A Treasury of Great Poems
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This classic collection, long recognized as one of the most widely read and comprehensive anthologies of poetry in the English language, offers more than 1,300 pages containing nearly 1,000 poems by almost 200 poets. Beginning with the earliest English ballads and selections from the King James Version of the Bible, the book continues with the immortal works of Shakespeare, Donne, Milton, Pope, Whittier, Poe, Tennyson, and many others, concluding with an outstanding array of 20th-century poetry by such luminaries as Wallace Stevens, Dylan Thomas, and Marianne Moore. Louis Untermeyer--the renowned critic, biographer, and teacher who edited this remarkable work--is said to have introduced more poets to readers and more readers to poetry than any other American. Treasury of Great Poems is indexed by poet, poem and first lines.
transcended by nobility. The quent. first epistle to The The Greatest of These Though I speak with the And have not charity, I am become Or as tongues of sounding men and of angels, brass. a tinkling cymbal. And though I have the gift of prophecy, And understand all mysteries, and all knowledge; And though 1 have all faith. So that I could remove mountains. And have not charity, I am nothing. And though I bestow all my And though I give my body And have not charity, It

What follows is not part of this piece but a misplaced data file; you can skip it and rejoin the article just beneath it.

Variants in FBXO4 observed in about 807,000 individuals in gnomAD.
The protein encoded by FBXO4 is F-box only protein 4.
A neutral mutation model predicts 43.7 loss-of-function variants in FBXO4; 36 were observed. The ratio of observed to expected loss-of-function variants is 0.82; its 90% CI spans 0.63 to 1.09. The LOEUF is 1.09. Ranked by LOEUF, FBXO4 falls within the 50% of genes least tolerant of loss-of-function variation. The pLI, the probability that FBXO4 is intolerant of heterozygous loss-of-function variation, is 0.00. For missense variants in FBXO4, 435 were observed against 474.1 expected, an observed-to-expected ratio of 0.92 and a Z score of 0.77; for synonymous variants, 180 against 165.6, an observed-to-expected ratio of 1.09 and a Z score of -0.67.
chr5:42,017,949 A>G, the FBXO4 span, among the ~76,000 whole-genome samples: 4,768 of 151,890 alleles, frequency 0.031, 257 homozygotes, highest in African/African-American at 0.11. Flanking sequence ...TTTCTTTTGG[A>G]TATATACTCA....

trewe; For on the morwe, as sone as it was day. To his felawes in he took the way; And whan that he cam to this oxes stalle. After his felawe he bigan to calle. The hostiler answered him anon. And seyde, "sire, your felawe is agon, As sone as day he wente out of the toun." This man gan fallen in suspecioun, Remembring on his dremes that he mette, And forth he goth, no lenger wolde he lette. Unto the west gate of the toun, and fond A dong-carte, as it were to donge lond. That was arrayed in the
of spring in southern climes. Moreover, there is a tradition that birds choose mates on February 14. Thus a celibate the patron saint of lovers. their Roman priest becomes The Birds' Rondel Now welcome, summer, with thy sunshine soft. This wintry weather thou wilt overtake, And drive away the night so long and blackl Saint X'alentine, thou who art crowned aloft. The little birds are singing for thy sake: Now welcome, summer, with thy sunshine This wiyitry weather thou wilt overtake.
Is blacker than thy heel." said, The Popular Ballad /j^ John Steward took the little brown sword That hung low down by his knee; He has cut the head off And the body put on Childe Maurice a tree. And when he came to his ladyLooked over the castle-wall— He threw the head into her lap, Saying, "Lady, take the ball!" "Dost thou Says, know Childe Maurice' head. When that thou dost it see? Now lap it soft, and kiss it oft, For thou loved'st him better than me." But when she looked
Struggling his modesty, the half-apologetic, half-defiant cates that time has revised many differ to from— overcome compiler usually indi- that he has been chosen to re-estimate the past in terms of the critical present. He goes on to imply that his function revalue but to correct; that, that his ear mind is a little more is much though he admires forerunners, he deplores the errors in the therefore restored certain and of his predecessors' judgments poems work of to